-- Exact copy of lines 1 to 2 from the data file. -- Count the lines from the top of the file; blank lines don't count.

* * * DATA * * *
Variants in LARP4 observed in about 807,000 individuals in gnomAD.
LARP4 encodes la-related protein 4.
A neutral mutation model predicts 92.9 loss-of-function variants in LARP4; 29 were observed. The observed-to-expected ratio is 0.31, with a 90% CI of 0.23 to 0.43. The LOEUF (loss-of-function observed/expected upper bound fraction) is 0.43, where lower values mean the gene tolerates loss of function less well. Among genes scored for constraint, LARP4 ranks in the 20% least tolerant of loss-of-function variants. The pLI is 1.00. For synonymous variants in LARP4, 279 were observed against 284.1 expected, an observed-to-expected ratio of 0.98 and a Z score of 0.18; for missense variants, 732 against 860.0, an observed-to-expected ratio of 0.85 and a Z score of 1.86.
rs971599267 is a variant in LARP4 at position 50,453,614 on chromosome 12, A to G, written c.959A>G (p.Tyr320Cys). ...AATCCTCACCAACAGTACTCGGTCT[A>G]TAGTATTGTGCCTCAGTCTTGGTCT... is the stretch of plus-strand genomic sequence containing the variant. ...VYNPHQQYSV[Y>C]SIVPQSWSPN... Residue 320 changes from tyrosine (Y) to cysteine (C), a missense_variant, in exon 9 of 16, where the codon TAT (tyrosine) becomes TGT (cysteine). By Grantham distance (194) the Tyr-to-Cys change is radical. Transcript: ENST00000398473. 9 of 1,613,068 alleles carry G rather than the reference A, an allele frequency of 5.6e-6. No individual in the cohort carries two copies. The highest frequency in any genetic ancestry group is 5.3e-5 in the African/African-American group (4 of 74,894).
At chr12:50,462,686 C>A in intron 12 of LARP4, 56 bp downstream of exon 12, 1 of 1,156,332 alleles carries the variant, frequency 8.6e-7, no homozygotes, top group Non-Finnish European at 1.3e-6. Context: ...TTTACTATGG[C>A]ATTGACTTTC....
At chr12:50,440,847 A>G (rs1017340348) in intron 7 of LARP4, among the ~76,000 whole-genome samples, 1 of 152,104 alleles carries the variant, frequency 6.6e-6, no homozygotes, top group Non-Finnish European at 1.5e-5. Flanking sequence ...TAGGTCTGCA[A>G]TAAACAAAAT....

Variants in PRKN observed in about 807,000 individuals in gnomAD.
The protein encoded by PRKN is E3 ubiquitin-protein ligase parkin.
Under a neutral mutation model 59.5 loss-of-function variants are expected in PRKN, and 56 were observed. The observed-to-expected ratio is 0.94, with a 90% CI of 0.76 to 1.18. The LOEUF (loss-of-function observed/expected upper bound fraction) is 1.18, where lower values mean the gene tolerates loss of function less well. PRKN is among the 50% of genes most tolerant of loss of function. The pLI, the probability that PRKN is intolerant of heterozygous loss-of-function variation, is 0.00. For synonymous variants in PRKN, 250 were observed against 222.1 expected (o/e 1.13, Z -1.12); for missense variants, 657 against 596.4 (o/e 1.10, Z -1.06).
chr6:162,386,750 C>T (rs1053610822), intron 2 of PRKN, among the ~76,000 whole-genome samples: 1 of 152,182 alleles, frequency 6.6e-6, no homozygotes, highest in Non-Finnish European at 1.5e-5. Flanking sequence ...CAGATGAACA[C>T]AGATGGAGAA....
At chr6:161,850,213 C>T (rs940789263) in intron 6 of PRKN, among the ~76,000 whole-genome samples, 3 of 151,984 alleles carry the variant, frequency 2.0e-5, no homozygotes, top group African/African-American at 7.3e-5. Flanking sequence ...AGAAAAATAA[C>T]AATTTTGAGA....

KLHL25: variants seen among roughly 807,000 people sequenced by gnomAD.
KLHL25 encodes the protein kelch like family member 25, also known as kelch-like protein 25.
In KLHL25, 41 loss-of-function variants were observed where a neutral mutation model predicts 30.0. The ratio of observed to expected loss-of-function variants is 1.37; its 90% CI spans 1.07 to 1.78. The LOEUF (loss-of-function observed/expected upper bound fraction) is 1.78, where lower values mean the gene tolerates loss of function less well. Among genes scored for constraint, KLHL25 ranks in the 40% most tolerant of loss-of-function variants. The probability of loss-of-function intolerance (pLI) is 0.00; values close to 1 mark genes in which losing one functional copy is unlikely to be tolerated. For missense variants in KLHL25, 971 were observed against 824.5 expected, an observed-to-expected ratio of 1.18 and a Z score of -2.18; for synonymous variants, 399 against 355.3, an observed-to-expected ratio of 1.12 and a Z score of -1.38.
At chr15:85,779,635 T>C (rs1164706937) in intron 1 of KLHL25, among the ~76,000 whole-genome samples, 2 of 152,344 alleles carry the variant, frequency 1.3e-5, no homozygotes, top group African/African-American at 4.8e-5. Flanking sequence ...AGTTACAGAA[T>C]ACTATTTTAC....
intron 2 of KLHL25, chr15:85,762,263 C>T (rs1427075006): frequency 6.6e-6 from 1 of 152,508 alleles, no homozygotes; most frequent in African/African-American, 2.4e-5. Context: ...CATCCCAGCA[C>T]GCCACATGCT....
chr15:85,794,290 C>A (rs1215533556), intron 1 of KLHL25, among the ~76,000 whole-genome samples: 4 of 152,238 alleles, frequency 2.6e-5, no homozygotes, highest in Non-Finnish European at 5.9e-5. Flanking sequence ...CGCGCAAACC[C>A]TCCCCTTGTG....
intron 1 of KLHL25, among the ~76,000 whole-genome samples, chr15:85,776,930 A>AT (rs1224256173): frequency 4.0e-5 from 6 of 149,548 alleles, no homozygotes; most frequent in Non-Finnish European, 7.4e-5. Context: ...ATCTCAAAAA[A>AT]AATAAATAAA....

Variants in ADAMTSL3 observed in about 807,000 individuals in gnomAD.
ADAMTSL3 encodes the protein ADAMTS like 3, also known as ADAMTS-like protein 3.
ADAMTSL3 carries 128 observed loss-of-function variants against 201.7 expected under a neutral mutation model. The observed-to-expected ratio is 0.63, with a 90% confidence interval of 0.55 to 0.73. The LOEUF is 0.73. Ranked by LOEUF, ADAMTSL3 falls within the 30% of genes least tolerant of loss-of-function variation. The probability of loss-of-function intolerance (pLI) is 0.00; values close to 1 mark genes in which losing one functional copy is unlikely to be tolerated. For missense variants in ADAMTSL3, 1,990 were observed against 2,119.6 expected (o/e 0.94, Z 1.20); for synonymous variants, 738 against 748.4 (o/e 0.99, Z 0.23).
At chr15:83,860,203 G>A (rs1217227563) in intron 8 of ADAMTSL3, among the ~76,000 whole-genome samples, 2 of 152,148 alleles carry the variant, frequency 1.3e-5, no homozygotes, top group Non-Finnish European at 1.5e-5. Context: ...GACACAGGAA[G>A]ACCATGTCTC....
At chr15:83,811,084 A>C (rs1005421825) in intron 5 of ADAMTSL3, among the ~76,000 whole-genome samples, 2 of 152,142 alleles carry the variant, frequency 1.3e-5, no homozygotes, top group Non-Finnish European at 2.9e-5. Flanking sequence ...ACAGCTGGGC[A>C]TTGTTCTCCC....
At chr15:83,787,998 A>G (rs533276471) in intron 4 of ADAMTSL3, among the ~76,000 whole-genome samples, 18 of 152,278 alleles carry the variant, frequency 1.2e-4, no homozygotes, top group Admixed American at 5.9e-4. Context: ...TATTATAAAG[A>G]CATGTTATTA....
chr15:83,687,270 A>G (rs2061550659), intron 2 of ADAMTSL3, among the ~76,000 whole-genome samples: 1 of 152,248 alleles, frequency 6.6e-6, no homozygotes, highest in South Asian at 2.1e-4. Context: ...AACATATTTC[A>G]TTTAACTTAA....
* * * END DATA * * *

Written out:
Variants in LARP4 observed in about 807,000 individuals in gnomAD.
LARP4 encodes la-related protein 4.